Wednesday, 27 August 2008

Home ed thoughts

I've been contemplating the nature of our home ed journey today, trying to decide what name might characterise our style. I suppose 'autonomous' is the closest, but it's not purely that as I do initiate things sometimes and also impose a little background structure as I find everything runs more smoothly and the kids are happier with that. My daughter, especially, has a great need to know what to expect.
When we first started on this path, I had thought about doing things with quite a lot more structure - of having a particular time of day where we sat down and did more formal educational things, but it doesn't seem to work, and so I am happy to let things go at their own pace a bit more. But I'm not sure where the line is drawn between facilitating, encouraging, and suggesting. My daughter is often reluctant to try something new as she hates not being able to do something and if she can't immediately master a skill she would often rather not do it. Would being truly autonomous mean that I drop it and trust that she'll come back to it later when she matures enough to see that some things are worth practising? Some people never learn that. Or do I push her gently to stick with it, knowing the joy and excitement she feels when she does master something she found difficult? I suppose it depends on the situation - I have reacted in both ways in the past.
I know some people call themselves 'semi-autonomous' and that others say there's no such thing, either you're autonomous or you're not. But does being child-led mean that you respond to their consciously stated wishes, or to their subconsciously expressed needs? Although I hate to say it, and I'll probably be shot for saying so - I do believe that being the parent does give me an extra dimension of knowledge and experience that my children do not have yet and therefore, dare I say it, sometimes I know best.
Home ed can throw up tricky decisions that are taken out of your hands if children go to school. Groups are something I've been thinking about recently. My daughter may be ready for something, but finding a suitable group is tricky. All the activities I've looked into seem to be very much based on putting on shows, taking exams or levels, or training for competitions. She's 5, can she not just do something for the sheer joy of learning a new skill? Plus they're so age-segregated. She and her brother are used to doing things together and he'd be upset if he couldn't join in too, and she she'd feel happier doing it with him there. They're a team.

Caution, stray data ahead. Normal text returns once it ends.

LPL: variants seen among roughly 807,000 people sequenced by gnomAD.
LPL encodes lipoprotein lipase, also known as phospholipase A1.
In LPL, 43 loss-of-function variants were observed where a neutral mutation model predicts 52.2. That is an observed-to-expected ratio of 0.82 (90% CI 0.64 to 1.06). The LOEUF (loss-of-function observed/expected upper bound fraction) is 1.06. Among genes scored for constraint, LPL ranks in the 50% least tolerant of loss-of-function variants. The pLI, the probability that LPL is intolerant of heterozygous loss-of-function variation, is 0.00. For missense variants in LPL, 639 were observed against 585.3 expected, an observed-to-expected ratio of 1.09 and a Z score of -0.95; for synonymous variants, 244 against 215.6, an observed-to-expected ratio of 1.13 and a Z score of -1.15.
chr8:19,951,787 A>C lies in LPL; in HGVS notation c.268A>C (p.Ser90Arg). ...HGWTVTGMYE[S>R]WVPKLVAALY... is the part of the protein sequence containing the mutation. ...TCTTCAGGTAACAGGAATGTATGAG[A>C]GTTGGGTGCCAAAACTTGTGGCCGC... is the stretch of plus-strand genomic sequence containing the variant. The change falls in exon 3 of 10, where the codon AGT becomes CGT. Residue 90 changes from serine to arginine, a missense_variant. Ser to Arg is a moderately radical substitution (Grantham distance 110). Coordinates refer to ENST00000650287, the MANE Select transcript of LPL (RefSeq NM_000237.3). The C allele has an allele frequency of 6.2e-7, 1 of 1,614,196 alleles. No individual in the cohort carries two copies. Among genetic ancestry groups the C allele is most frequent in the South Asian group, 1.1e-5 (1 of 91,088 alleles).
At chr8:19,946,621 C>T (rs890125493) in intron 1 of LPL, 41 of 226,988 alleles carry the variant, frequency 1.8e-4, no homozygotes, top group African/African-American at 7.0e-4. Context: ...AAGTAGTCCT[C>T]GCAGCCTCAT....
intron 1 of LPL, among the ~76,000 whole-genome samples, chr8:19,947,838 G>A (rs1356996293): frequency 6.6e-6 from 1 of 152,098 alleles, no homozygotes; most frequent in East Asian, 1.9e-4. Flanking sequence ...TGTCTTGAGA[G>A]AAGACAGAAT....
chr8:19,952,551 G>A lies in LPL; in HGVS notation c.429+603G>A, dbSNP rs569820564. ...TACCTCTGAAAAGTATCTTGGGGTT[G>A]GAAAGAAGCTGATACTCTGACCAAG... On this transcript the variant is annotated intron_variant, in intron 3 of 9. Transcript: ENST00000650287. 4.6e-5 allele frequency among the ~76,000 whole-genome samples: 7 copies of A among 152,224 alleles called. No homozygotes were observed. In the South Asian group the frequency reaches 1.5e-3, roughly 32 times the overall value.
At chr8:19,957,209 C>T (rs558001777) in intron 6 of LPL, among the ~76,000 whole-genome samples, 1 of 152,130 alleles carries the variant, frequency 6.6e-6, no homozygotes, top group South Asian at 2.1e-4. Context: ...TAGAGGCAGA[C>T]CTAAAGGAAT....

We had such a bad day the other day that for a few hours I seriously contemplated sending my daughter to school. Later on, once she was in bed and I got a bit of perspective I realised that doing so as a 'punishment' was not the best reason for such a momentous decision. School, if it is chosen, should be a positive choice, not a last resort if you feel you're not coping. Also, as my husband kindly pointed out, it was a Saturday so she wouldn't have been at school anyway! Everyone has bad days and things have been fine since then, but I am still pondering introducing something new to the mix, either some more formal stuff on an ad hoc basis when the kids fancy it, or maybe a more formal activity or group if I can find something appropriate that the children want to do. There is a local HE ice-skating thing, but I'm not sure if I can make myself take a 3 year old and a 5 year old skating by myself. Oh well, just more to meditate on.


arwen_tiw said...

I don't want to shoot you down in flames, I want to agree wholeheartedly - and give you a gentle hug for caring so much that your children have the best opportunities, and questioning what path you ought to persue to support that. :)

Liz said...

Thank you, a bit of encouragement is just what is needed on a horrible grey day like today!